Scripture power: 10 ideas for making family study work

(Photo courtesy LDS Church)

(Photo courtesy LDS Church)

Busy schedules and wiggly kids can sometimes make having family scripture study feel like a challenge of biblical proportions. Yet Elder Richard G. Scott of The Church of Jesus Christ of Latter-day Saints’ Quorum of the Twelve Apostles described the practice as one of the “essential, weight-bearing beams in the construction of a Christ-centered home.”

“Without these regular practices it will be difficult to find the desired and much-needed peace and refuge from the world,” he said in an April 2013 conference address.

With that in mind, here are a few tips on making family scripture study effective and fun.

1. Choose the right … time

Whether it’s early in the morning, before bedtime, or somewhere in between, it’s important to find a time that consistently works for your family. Whitney Permann of the LDS music group Mercy River says her family studies scriptures at the dinner table to accommodate her husband’s busy work schedule.

“I decided to capitalize on the one time of day I know for sure we will all be together. As a bonus, this is one less thing we have to do at bedtime, which is chaotic enough with potty-teeth-pajamas-prayer. One less thing off that list makes me happy,” she wrote in a blog post.

2. Choose a “gathering” song

Lehi resident Tiffany Erickson says she plays the LDS song “Scripture Power” on the iPad as a cue that her family scripture study is about to start. By the time the second verse has ended, her husband and four children, ages 4 to 12, are ready. The Ericksons also sing an opening song before studying. “I do this to help us get in the mood and to wake us up,” said Erickson. “I believe songs prepare us to feel the spirit, and they can teach doctrine as well.”

Erickson is the author of the blog Raising Lemons , and recently wrote about her family’s efforts to improve their scripture study.

3. Start with background and explanation

Most LDS children understand how the Book of Mormon was written, but it’s also helpful to cover how the Old and New Testaments were compiled. (The Bible Dictionary provided by the LDS Church gives a good explanation on this subject.) To reinforce understanding, read and discuss the chapter summaries that accompany all of the LDS standard works, and pause where necessary to discuss or explain words and concepts your children might not be familiar with.

4. Make it visual

Very young children may not be able to understand the formal language of the scriptures. Erickson said she started by looking at pictures in the “Gospel Art Book” and telling the scripture stories that accompanied them. As her children got older, she used illustrated scripture-story readers until her kids could read from the Bible or Book of Mormon on their own.

Youth can even “read the scriptures like a movie,” said Chas Hathaway, author of “Scripture Study Made Awesome” (Cedar Fort, $13.99). Ask them to picture events unfolding cinematically in their mind as you study as a family. For example, have your children picture what it might look like as Lehi took his family and departed Jerusalem for the wilderness.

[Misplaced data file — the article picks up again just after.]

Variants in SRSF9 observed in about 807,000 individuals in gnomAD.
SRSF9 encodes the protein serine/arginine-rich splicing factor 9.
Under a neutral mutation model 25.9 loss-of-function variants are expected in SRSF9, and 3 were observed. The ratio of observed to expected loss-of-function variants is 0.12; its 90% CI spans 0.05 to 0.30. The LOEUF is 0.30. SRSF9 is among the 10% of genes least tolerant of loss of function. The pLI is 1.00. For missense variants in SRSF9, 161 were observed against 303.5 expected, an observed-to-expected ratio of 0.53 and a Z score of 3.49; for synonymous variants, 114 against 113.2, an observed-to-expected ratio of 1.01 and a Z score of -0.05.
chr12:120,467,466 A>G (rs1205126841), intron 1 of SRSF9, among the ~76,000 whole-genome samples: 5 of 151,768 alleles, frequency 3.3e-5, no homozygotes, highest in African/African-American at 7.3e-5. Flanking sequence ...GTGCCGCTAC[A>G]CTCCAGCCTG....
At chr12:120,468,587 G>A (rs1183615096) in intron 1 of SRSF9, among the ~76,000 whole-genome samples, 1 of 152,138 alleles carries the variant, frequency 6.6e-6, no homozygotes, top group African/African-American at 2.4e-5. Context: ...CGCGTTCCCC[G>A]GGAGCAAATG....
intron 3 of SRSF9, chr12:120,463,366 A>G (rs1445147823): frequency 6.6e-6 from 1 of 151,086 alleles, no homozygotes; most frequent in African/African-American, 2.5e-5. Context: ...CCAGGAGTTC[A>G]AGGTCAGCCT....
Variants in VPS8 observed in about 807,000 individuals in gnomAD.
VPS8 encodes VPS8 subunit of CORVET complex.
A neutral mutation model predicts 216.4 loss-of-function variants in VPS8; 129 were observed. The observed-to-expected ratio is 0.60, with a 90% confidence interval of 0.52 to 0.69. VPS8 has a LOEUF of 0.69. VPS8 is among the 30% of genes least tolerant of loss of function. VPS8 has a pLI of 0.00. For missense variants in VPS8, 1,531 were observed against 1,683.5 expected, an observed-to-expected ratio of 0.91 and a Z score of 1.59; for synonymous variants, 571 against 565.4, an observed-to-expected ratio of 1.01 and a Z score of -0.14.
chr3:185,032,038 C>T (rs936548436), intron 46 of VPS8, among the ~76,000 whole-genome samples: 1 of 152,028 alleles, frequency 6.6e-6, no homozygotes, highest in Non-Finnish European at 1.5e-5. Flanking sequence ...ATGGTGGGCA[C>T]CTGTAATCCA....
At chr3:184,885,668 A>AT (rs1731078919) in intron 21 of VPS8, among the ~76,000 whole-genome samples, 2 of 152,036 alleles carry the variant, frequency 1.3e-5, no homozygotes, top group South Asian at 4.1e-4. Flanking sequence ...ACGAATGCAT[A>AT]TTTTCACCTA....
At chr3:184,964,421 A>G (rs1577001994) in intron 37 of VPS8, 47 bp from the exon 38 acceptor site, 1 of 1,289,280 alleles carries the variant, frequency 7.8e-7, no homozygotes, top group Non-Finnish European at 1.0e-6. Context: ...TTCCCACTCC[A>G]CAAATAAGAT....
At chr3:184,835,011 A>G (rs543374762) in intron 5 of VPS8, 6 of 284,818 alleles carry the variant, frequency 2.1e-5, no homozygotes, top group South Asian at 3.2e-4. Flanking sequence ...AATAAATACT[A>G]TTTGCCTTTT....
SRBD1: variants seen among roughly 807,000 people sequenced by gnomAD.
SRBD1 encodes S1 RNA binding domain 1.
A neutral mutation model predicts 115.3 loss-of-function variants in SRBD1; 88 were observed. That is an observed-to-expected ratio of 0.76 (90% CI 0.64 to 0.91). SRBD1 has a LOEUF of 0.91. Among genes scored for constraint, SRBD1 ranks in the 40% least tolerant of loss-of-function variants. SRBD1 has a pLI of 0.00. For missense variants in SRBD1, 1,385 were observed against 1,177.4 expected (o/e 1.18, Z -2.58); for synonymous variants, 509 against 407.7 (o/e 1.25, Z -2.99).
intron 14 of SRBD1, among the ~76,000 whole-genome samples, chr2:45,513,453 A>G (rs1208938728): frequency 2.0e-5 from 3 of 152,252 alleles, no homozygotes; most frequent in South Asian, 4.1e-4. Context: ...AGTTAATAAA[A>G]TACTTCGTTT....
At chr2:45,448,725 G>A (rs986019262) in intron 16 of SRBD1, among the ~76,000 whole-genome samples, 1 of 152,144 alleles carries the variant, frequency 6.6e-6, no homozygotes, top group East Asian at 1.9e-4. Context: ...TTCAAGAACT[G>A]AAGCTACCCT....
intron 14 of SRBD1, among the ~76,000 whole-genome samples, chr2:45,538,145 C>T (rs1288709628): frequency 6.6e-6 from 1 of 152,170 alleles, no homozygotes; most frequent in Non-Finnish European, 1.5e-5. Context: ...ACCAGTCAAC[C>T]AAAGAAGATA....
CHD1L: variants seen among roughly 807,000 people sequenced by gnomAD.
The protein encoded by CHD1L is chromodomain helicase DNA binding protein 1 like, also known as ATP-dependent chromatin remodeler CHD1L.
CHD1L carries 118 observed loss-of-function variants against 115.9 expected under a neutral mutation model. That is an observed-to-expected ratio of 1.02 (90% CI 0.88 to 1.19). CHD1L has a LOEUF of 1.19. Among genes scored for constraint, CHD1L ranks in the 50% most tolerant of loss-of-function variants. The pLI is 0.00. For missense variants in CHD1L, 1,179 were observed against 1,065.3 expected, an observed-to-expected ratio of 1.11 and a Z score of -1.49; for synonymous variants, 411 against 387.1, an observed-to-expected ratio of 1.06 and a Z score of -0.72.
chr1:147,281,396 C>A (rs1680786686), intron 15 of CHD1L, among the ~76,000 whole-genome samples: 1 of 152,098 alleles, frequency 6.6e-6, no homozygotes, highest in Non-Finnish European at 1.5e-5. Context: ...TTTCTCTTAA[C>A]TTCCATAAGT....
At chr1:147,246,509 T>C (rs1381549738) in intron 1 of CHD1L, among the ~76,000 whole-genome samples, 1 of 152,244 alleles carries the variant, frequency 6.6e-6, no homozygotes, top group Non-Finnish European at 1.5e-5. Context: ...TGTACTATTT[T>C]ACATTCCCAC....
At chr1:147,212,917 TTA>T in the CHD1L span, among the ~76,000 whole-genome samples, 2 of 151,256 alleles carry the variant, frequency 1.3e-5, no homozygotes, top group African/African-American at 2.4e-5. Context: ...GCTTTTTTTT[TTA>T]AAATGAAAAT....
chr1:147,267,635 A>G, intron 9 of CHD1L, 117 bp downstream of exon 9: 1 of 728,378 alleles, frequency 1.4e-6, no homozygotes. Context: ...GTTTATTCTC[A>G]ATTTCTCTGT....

5. Involve everyone at his or her own level

Sometimes early readers can just repeat frequently appearing phrases such as “and it came to pass” when they appear in scripture, said Erickson. This practice not only immerses them in the language of the scriptures but also teaches them early literacy skills.

If you want to read straight from the LDS standard works with young children, keep in mind that you may be only able to read a few verses at a time. And that’s OK. Focus on feeling the spirit, rather than running out the clock, Erickson said.

6. Mix it up

Try different methods of studying the scriptures to engage your children and teenagers, suggests Chas Hathaway. For example, you could study by a topic selected from the Topical Guide, or do a “personality profile” where the family seeks to understand what type of person a figure from the Book of Mormon or Bible is. You could even study Biblical bad guys, he said, or look for verses in the scripture that relate to current challenges in life.

7. Use the apps

You may want each member of the family to have a copy of the scriptures and something to mark them with, but don’t shy away from technology, either. The Church of Jesus Christ of Latter-day Saints has a free Gospel Library app, as well as Scripture Mastery app and one of LDS Music. Many companies make scripture-related apps as well, such as an alarm that reminds you to read.

8. Add memorization

Memorizing sharpens the mind and is a great spiritual resource for children, said Erickson. Last year, her family memorized the Articles of Faith, and this year they are working on “The Family: A Proclamation to the World.” If you have teenagers, you could match your family’s memorization to the scriptures youth learn in Seminary.

9. Share what you’ve learned

Hathaway suggests engaging teenagers in scripture study by having them look for scriptural passages to share on social media. This is a great way for them to involve their circle of family and friends in what they are learning.

10. End with family prayer

Use a closing prayer to end your study session and segue to the next event, suggests Erickson. It will make the day that much better, she said: “I really wish all families could start or end their days with these beautiful 15 minutes.”


Elyssa Andrus has worked as a journalist for 14 years, most recently as the lifestyle editor at the Daily Herald newspaper in Provo. She is a contributor to the KSL-TV show "Studio 5" and is co-author of the book "Happy Homemaking" (Cedar Fort, 2012) with Natalie Hollingshead. She lives with her husband and four young children in Utah Valley.

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